My son has wanted to be a soldier since he was 11 years old. Even after moving to his dad's house when he was 15 and exploring a whole different side of teenage-hood, at 17 he called me up and asked me to take him down to the recruiter so he could sign up. He knew his dad wouldn't do it and he knew I would do it. I knew it's what he wanted, it's who he was always meant to become, a soldier's blood ran inside him.
He joined the Oregon National Guard (like his step-dad had done just a couple years prior). He became an Infantryman and was so proud! I flew to Columbus, GA to watch him graduate from basic and AIT. He came back to Oregon and did his monthly drills and yearly advanced trainings. He even had a stint in Thailand where his unit went there to train with the Thai Army.
He talked about the rumors of his eventual deployment to Afghanistan and the rumors changed over and over and I knew he wanted to deploy so badly (because that's why he signed up) that I thought maybe, just maybe, he was being more hopeful about the rumors than they were true. Ultimately all I could do was wait and see what happened.
It happened. He got the date. He went to AT to train for their deployment. The pre-mob ceremony was scheduled and I even signed up to go. It wasn't real yet.
Next month became next week and then it was tomorrow morning that I had to drive him to where they'd board buses that would take them to a plane. It still wasn't hitting me in my heart. It never does. I handle things logically and take care of logistics and planning. I'd helped him switch his phone carrier, add me to his bank account, copied his orders so I could cancel some contracts for him. I'd got the instructions for sending his things to him when he arrived to his first location. But I hadn't felt it yet.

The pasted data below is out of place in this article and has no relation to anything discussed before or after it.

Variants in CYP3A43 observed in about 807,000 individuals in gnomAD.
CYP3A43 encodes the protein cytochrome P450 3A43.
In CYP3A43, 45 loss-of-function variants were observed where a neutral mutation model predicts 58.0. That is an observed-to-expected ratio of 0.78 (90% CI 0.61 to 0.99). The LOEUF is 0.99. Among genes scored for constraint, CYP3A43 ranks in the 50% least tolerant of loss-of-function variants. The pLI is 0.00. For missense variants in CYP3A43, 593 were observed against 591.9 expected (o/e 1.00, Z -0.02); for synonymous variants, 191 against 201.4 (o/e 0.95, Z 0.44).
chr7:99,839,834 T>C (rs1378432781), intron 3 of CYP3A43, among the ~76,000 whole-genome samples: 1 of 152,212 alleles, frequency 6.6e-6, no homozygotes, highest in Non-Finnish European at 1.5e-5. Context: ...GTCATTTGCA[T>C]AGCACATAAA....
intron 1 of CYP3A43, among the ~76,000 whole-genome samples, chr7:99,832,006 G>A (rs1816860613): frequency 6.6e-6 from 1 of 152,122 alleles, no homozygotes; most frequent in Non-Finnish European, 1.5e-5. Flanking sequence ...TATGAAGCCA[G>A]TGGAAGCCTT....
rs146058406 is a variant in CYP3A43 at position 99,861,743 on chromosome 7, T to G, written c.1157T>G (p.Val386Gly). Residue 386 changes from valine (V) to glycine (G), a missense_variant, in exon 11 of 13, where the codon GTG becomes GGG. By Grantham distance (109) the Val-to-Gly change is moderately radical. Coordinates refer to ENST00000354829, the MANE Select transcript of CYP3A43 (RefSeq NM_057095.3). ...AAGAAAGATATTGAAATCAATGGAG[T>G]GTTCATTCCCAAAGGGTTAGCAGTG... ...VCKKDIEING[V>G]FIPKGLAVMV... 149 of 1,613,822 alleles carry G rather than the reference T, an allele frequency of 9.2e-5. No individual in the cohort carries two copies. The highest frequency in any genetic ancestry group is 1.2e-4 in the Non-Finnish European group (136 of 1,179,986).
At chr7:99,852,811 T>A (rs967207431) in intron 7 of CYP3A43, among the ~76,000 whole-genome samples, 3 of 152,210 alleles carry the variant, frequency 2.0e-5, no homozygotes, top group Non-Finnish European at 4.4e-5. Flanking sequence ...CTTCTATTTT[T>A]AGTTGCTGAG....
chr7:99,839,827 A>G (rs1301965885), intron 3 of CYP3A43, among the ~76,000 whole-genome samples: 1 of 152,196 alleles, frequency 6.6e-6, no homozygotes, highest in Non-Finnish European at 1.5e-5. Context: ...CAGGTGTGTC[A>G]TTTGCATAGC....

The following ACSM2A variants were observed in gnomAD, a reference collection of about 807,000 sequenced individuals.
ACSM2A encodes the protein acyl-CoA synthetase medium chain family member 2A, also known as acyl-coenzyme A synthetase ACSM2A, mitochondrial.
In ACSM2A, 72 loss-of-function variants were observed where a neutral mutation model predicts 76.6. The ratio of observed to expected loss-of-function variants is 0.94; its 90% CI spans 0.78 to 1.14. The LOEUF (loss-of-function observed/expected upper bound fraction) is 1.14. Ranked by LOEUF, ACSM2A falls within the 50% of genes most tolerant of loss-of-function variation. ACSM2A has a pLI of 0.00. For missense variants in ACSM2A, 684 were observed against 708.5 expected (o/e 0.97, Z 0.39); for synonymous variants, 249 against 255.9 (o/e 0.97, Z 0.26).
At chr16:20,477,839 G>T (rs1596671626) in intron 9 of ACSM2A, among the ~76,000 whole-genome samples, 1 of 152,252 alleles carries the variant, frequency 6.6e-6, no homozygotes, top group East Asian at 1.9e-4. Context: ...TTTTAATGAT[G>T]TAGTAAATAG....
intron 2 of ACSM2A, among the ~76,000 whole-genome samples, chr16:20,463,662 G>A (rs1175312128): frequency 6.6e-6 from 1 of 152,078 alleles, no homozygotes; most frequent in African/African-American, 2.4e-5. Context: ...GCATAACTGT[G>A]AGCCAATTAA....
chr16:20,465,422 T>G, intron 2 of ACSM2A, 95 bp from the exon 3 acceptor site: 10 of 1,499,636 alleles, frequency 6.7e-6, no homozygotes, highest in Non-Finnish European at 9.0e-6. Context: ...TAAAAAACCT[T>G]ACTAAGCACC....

The long drive to the bus was not filled with much talking. We had said everything that needed to be said and now it would just be fluff. Neither of us fluff much. Then we pulled into the parking lot and as he unloaded his gear from the trunk I watched my 6 year old give his big brother hugs and tell him he'd miss him. Then my husband shook his hand and probably pulled him in for a man hug but at that point I was in a fog - it was almost my turn. I could tell Josh was wanting it to go quickly and have as little mush as possible (he gets that from me). So I gave my hug and then he walked away. I didn't cry. I didn't say any last words from my heart. That's just not what we do. We had said all that needed to be said and he knows what's in my heart. Giving it to him at this moment would not be helpful to his hard shell.
I watched him walk away and I was thinking, "Oh my God that's it?? It's over?? That's all??" I got back into the car and slowly pulled out of my space and drove around the lot to the exit. I passed right by him and he didn't look at us, no wave, no nothing. It was typical Josh fashion and he was just like me, so I understood. I still didn't cry.